A bid is an offer investors make to buy a security.
  2. Term

    How Bid Price Affects Liquidity

    The bid price is the amount a buyer will pay for a security.
  3. Economics

    What Does Inelastic Mean?

    The supply and demand for an inelastic good or service is not drastically affected when its price changes.
  4. Personal Finance

    Why We Splurge When Times Are Good

    The concept of elasticity of demand is part of every purchase you make. Find out how it works.
  5. Economics

    Economics Basics: Elasticity

    Investopedia Explains: What elasticity is, how to calculate elasticity, the difference between elastic and inelastic curves, and the various factors that impact elasticity.
  6. Active Trading Fundamentals

    What Does Bid And Asked Mean?

    Bid and asked is a two-way price quotation.
  7. Professionals

    4. Careless Status Updates

    It's not just your friends who can find your information - potential employers may visit as well.
  8. Investing Basics

    When Will it Be Safe to Buy Commodities?

    When will it be safe to buy commodities (and which ones)? A closer look at the commodities markets and how they move.
  9. Investing News

    Philip Falcone's Success Story: Net Worth, Education & Top Quotes (HCHC)

    Learn how, in true rags-to-riches style, Phil Falcone made his way from a small mining town in Minnesota to making billions on Wall Street.
  10. Professionals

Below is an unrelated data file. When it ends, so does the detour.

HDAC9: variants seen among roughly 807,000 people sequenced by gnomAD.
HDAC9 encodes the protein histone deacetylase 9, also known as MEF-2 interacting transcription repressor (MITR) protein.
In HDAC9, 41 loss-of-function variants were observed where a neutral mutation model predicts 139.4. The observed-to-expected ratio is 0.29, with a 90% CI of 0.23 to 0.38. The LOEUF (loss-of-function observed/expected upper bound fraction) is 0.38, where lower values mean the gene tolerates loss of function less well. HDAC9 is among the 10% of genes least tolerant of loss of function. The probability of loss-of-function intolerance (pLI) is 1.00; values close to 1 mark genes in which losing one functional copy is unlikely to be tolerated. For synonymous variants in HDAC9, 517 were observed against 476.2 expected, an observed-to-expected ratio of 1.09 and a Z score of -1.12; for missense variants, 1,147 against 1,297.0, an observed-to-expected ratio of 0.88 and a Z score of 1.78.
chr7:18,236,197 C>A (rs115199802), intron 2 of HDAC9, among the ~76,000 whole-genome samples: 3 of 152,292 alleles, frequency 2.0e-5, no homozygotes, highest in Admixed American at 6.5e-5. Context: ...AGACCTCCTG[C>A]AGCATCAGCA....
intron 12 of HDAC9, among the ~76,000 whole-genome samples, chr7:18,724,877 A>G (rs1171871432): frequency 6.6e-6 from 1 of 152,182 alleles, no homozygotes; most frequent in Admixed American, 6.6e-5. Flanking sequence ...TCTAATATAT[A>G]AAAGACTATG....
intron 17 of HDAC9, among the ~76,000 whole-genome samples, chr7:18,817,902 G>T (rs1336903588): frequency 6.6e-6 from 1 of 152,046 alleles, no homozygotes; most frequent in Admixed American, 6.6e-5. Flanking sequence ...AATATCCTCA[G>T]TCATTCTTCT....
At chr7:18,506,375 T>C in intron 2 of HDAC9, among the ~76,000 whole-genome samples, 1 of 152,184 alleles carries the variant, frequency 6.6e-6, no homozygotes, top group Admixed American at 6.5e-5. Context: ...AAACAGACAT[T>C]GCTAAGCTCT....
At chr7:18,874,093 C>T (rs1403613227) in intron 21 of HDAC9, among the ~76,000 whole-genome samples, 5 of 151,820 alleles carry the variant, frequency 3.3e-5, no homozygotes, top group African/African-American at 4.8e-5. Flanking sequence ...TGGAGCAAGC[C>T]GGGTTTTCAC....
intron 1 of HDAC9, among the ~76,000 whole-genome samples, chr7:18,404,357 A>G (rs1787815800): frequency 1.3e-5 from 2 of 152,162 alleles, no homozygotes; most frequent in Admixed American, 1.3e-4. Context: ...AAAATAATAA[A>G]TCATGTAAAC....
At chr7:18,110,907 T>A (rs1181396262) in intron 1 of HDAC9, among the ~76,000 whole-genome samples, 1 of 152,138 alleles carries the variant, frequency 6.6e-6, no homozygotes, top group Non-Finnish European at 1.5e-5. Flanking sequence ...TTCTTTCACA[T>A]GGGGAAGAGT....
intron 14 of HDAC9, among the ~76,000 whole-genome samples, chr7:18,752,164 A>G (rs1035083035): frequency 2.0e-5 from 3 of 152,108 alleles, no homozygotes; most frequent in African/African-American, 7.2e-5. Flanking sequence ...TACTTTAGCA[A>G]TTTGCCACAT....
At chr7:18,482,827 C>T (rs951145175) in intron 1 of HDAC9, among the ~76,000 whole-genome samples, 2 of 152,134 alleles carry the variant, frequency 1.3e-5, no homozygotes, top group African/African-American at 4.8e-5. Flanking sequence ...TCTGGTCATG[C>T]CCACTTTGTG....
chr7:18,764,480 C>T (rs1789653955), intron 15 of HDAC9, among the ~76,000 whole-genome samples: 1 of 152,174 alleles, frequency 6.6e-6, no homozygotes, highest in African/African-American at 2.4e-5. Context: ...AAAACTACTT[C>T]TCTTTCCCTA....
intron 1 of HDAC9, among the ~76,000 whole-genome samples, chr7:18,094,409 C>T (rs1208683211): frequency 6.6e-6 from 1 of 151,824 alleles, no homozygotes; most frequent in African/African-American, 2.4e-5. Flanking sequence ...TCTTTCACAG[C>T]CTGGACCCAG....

Effect of Taxes on Supply and Demand

    Tax Effects. This section illustrates how taxes alter the supply and demand equilibrium creating deadweight.
RELATED TERMS
  1. Hockey Stick Bidding

    An anti-competitive bidding practice in which a market participant ...
  2. Hockey Stick Chart

    A line chart in which a sharp increase or decrease occurs over ...
  3. Bid Price

    The price a buyer is willing to pay for a security. This is one ...
  4. Bid Support

    A manipulative practice employed to prop up a company’s stock ...
  5. Best Bid

    The highest quoted bid for a particular trading instrument among ...
  6. Bid Whacker

    A slang term for an investor who sells shares at or below the ...

You May Also Like

Hot Definitions
  1. Yield Curve

    A line that plots the interest rates, at a set point in time, of bonds having equal credit quality, but differing maturity ...
  2. Stop-Limit Order

    An order placed with a broker that combines the features of stop order with those of a limit order. A stop-limit order will ...
  3. Keynesian Economics

    An economic theory of total spending in the economy and its effects on output and inflation. Keynesian economics was developed ...
  4. Society for Worldwide Interbank Financial Telecommunications ...

    A member-owned cooperative that provides safe and secure financial transactions for its members. Established in 1973, the ...
  5. Generally Accepted Accounting Principles - GAAP

    The common set of accounting principles, standards and procedures that companies use to compile their financial statements. ...
  6. DuPont Analysis

    A method of performance measurement that was started by the DuPont Corporation in the 1920s. With this method, assets are ...
Trading Center